Tackling the widespread issue of climate change, Universidad EAN (UEAN) in Bogotá, Colombia illustrates the same construction philosophy taught to the students in their new building under the title of ‘Project Legacy.' As the next generation fill the seats of the new auditorium they will be party to the very thinking that went behind the building, solidifying their knowledge as they get to experience it first-hand.
The architects, William McDonough + Partners, are no stranger to the cradle-to-cradle ethos that inspires their sustainable approach. The philosophy models the human industry on the processes within nature to maximise usage of materials for as long as possible – recovering and regenerating products. These perpetual cycles are a long-term solution to the dominant system that uses the cheapest materials in manufacturing.
Extending the tower to 100 meters, Wiel Arets Architects’ (WAA) design for Antwerp Tower will make it the third tallest building in Antwerp and hopes to provide a hub of activity to an already vibrant part of the city. The renovation of the 1970’s block will see the footprint of the upper levels being expanded out to increase living space whilst maintaining the unique diamond floorplan.
The residential tower will contain 6 to 14 apartment units on each floor, each with their own loggia, ranging in area from 40 to 120 square meters and penthouses that will be up to 240 square meters. The system of load bearing walls and columns partially replacing the existing structure will minimise the need for columns within the residential spaces.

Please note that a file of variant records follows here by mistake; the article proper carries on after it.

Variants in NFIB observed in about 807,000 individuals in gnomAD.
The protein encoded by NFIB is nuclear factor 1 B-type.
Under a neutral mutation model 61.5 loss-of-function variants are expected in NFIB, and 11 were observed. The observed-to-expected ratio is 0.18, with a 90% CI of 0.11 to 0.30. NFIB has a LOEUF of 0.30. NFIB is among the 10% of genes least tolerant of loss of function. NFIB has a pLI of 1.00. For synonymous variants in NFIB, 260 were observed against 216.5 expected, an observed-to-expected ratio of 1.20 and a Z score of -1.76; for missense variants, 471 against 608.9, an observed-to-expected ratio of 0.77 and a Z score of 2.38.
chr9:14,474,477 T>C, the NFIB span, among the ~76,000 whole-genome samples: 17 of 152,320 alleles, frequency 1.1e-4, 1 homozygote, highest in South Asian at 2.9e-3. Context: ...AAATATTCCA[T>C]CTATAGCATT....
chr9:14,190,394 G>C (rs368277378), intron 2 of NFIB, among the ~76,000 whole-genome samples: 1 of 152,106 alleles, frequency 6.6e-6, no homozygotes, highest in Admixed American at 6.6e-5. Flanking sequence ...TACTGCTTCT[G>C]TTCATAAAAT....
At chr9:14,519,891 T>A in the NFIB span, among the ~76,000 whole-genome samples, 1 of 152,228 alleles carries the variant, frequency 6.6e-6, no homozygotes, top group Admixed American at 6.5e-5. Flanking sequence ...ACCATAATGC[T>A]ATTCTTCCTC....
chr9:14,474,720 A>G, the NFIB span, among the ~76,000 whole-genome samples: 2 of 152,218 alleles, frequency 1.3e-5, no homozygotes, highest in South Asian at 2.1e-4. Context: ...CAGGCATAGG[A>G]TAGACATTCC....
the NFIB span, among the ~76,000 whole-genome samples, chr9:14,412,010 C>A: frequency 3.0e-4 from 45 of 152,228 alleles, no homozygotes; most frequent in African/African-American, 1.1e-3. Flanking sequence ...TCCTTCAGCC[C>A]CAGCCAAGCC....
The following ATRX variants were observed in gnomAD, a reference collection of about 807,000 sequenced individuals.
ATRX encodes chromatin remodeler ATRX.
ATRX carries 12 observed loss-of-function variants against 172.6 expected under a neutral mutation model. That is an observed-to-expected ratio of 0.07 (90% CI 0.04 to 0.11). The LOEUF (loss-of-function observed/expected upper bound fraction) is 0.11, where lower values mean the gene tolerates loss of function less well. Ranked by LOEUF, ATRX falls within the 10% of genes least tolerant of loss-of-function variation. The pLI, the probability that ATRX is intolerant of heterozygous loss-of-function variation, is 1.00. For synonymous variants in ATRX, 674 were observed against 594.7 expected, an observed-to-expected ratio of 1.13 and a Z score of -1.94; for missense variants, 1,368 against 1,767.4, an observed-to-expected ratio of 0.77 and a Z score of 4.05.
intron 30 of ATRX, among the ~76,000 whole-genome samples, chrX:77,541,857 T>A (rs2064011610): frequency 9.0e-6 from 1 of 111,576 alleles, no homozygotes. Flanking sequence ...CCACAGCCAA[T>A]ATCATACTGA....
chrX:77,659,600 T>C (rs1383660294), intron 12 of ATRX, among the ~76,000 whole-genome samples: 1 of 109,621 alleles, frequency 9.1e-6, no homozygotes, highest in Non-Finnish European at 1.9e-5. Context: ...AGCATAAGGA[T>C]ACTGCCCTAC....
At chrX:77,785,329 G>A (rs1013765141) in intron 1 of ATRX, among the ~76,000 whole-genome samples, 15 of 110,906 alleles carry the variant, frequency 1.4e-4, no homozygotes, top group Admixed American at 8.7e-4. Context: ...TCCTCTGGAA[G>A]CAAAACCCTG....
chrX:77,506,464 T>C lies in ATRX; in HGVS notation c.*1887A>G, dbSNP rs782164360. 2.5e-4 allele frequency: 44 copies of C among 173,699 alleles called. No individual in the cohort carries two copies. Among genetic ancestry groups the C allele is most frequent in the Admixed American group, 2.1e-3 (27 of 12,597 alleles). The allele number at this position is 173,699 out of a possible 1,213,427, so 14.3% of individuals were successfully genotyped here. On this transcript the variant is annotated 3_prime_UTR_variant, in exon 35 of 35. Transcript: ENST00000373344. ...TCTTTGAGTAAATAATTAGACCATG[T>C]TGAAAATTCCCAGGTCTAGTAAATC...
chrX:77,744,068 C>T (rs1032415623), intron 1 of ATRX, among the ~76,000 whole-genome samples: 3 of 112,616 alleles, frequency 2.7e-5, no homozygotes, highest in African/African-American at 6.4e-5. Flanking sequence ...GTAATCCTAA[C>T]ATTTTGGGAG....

C. F. Møller’s design to interconnect and root the campus within the city wins VIA University College in Horsens, Denmark. The proposed 30,000 square meters proposal and 5,000 square meters Innovation House was selected amongst three strong projects, according to the adjudicators’ report in a forward-thinking scheme that develops a strong dialogue between the academic and urban spaces.
The latest rendering for Pritzker Prize-winning architect, Jean Nouvel's 53W53 has been released in anticipation for its completion next year as construction reaches the 58th floor out of the proposed 82. Capturing the entire design of the new landmark, the render provides a look to the tapering structure distinguished by its sculptural quality and the three floors of gallery space in the tower’s base adjoining the Museum of Modern Art as part of their expansion.
As 53W53 grows in front of New York’s eyes, the concrete skeleton currently standing forms the basis for the exposed structural system referred to by Nouvel as ‘diagrid’ as the tower’s silhouette is an ode to the iconic buildings that already grace the horizon in New York.
Not just meatballs and Vikings; Scandinavia has always been the epicentre of design across the world - just look at the growing impact of Bjarke Ingels and Ikea's future living lab SPACE10. To showcase their significant influence, Expedia has illustrated the works of four famous architects from Denmark, Finland, Norway and Sweden and how they shaped international architectural movements of the 20th and 21st centuries in a collection of posters called Monumental Minds.
SPACE10's latest project displayed last week at Copenhagen's CHART art fair hosts the secret to combating malnutrition, greenhouse gases and ending deforestation - a pretty steep demand for a structure only four meters tall. The hero of this story is a microalgae that runs through the three hundred and twenty meters of tubing entwined around the pavilion.
IKEA's future living lab worked with bioengineer, Keenan Pinto and three architects, Aleksander Wadas, Rafal Wroblewski and Anna Stempniewicz to build a photobioreactor that facilitates the high production of microalgae that can be grown almost anywhere on the planet. During the three days of the fair, 450 liters of algae was grown as visitors got to experience the full extent of the neon green process.